Salmonella enterica

 

The Bug

Salmonella enterica serotype typhimurium DT 104 (S.t. DT104)
prepared by Agron Plevneshi

Food-borne salmonella infections have become a major problem in the industrialized world. The strain of Salmonella enterica serotype typhimurium known as definitive phage type 104 (DT104) is usually resistant to five common antibiotics (penta-resistant): ampicillin, chloramphenicol, streptomycin, sulfonamides, and tetracycline. Although the most well-known outbreaks of DT104 were reported from the UK, other European countries such as Germany, France, Austria and Denmark have subsequently reported outbreaks. This pathogen is being seen with increasing frequency and there is a growing concern regarding its emergence in the US and Canada. Many isolates of S. t. DT104 have reduced susceptibility to fluoroquinolones, which can result in treatment failures when quinolones are used for treatment Salmonella typhimurium DT104 is primarily found in cattle but it has spread to a range of food animals, including pigs, sheep and poultry, and also to some pets such as cats and dogs. Contaminated meat products and unpasteurized milk are the main source of food-borne infection. DT104 infections are associated with a high morbidity and mortality especially in children and in the elderly. Prevention methods consist of good hygienic practices by farmers and animal handlers and reduced use of antibiotics for prophylaxis and growth in food animals.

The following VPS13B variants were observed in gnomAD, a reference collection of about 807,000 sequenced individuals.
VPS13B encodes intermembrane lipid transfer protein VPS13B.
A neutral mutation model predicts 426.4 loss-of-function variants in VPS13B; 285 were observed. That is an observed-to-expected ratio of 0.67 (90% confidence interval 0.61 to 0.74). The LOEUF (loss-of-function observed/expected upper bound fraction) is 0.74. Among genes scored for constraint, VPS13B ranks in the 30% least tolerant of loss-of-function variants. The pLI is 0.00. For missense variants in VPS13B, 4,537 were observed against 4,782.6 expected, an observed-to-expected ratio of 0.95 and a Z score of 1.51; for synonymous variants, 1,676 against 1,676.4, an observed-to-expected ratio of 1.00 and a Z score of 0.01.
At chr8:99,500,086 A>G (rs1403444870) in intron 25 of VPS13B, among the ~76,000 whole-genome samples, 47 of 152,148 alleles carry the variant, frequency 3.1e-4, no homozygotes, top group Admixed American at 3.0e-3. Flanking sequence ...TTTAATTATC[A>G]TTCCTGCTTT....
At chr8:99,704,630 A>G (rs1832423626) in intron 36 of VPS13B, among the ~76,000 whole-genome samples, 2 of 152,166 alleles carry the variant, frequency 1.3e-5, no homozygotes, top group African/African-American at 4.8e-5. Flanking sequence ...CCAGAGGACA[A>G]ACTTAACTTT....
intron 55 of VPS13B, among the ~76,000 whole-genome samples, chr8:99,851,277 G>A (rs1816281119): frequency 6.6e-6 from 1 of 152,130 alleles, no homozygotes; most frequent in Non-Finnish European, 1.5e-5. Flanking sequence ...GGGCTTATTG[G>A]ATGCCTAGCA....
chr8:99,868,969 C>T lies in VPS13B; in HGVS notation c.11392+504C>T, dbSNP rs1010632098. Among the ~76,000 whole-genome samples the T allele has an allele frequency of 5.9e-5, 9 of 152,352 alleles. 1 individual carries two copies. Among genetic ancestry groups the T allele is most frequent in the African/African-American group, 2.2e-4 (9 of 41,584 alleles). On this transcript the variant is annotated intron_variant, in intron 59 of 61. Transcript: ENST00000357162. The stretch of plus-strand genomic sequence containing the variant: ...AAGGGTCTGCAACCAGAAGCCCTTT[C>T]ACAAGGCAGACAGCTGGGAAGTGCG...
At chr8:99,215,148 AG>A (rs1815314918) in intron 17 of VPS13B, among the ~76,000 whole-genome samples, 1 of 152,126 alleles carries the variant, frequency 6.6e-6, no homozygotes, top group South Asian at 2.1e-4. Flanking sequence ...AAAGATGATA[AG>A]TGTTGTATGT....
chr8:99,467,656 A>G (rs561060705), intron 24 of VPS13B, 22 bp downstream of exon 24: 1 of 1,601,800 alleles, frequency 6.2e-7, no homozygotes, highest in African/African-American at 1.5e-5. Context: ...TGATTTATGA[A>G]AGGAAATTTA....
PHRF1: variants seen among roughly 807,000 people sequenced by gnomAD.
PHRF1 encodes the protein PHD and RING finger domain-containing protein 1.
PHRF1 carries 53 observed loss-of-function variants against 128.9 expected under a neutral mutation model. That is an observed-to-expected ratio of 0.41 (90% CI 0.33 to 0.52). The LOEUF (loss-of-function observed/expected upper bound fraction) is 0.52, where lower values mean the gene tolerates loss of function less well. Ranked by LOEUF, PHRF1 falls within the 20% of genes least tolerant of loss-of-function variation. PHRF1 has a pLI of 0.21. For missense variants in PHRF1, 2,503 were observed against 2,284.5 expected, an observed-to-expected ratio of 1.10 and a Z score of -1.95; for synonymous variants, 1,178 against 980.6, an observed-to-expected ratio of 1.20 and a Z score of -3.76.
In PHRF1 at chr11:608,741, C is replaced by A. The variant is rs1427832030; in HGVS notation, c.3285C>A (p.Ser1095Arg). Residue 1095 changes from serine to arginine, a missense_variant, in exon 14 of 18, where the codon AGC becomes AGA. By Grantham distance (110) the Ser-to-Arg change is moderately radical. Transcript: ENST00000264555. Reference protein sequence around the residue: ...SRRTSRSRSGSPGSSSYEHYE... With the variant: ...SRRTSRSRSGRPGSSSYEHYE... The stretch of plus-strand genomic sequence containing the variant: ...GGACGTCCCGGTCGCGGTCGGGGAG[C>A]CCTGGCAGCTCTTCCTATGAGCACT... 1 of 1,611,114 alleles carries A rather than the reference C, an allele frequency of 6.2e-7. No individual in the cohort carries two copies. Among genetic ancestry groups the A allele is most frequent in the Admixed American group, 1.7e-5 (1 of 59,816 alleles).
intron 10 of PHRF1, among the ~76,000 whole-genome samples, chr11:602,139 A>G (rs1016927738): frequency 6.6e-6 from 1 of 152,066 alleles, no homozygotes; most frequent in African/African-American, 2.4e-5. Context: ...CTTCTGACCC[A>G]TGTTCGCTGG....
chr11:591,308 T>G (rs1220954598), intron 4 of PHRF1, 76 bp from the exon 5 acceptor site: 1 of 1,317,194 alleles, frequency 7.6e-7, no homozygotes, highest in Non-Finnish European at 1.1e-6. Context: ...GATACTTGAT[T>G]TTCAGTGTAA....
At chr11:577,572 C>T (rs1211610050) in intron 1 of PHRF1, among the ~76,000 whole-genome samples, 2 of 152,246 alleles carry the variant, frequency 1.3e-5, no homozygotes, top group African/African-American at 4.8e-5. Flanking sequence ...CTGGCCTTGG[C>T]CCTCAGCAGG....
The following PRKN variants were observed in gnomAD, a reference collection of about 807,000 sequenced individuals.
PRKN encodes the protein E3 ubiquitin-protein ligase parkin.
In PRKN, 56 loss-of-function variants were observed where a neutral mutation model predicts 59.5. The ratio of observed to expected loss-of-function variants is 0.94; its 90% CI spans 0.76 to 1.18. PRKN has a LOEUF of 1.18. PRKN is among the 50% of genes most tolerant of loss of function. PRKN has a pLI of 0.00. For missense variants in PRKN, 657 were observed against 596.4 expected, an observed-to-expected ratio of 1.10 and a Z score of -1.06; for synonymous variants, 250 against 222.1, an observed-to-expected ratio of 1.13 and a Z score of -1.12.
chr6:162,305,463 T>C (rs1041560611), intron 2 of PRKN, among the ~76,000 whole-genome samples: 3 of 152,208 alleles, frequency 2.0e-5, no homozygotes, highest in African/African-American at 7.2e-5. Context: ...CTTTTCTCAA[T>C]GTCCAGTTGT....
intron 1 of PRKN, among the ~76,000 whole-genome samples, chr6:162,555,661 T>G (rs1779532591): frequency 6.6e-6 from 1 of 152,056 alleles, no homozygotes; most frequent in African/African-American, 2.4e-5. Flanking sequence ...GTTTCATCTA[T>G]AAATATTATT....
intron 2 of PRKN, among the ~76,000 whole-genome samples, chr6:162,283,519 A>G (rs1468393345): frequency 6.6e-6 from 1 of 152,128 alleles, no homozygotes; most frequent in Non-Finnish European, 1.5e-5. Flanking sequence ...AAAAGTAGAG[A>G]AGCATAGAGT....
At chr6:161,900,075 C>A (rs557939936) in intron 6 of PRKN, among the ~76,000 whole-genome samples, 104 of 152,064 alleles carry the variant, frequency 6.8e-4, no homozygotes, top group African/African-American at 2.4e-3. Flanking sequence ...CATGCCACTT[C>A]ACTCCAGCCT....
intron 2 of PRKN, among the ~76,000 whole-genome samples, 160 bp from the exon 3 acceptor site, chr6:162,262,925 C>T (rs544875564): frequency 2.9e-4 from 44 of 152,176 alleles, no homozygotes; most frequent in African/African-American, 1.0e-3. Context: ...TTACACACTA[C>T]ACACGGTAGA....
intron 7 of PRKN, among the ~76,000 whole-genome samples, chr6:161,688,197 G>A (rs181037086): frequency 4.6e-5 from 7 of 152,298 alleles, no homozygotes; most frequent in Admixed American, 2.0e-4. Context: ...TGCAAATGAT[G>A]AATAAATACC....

The Disease
Prevention
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Copyright 1999-2007 Department of Microbiology, Mount Sinai Hospital, Toronto, Canada. All rights reserved.